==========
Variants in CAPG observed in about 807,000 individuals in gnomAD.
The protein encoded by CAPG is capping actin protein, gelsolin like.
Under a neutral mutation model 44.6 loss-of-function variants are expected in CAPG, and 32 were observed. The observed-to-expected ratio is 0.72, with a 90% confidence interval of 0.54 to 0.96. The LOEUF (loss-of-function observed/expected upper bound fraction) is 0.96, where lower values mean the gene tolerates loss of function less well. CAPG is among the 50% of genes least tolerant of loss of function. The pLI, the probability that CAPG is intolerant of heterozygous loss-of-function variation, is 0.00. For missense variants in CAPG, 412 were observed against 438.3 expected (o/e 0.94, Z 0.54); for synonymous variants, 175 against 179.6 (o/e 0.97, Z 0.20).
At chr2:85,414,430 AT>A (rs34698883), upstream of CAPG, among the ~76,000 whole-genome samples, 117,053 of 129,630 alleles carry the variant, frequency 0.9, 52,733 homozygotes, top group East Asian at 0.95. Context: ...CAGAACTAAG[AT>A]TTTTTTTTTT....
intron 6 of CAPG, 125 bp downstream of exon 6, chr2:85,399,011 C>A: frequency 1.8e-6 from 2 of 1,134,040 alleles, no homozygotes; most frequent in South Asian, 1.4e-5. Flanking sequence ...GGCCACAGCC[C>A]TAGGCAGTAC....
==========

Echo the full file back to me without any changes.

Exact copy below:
Variants in CAPG observed in about 807,000 individuals in gnomAD.
The protein encoded by CAPG is capping actin protein, gelsolin like.
Under a neutral mutation model 44.6 loss-of-function variants are expected in CAPG, and 32 were observed. The observed-to-expected ratio is 0.72, with a 90% confidence interval of 0.54 to 0.96. The LOEUF (loss-of-function observed/expected upper bound fraction) is 0.96, where lower values mean the gene tolerates loss of function less well. CAPG is among the 50% of genes least tolerant of loss of function. The pLI, the probability that CAPG is intolerant of heterozygous loss-of-function variation, is 0.00. For missense variants in CAPG, 412 were observed against 438.3 expected (o/e 0.94, Z 0.54); for synonymous variants, 175 against 179.6 (o/e 0.97, Z 0.20).
At chr2:85,414,430 AT>A (rs34698883), upstream of CAPG, among the ~76,000 whole-genome samples, 117,053 of 129,630 alleles carry the variant, frequency 0.9, 52,733 homozygotes, top group East Asian at 0.95. Context: ...CAGAACTAAG[AT>A]TTTTTTTTTT....
intron 6 of CAPG, 125 bp downstream of exon 6, chr2:85,399,011 C>A: frequency 1.8e-6 from 2 of 1,134,040 alleles, no homozygotes; most frequent in South Asian, 1.4e-5. Flanking sequence ...GGCCACAGCC[C>A]TAGGCAGTAC....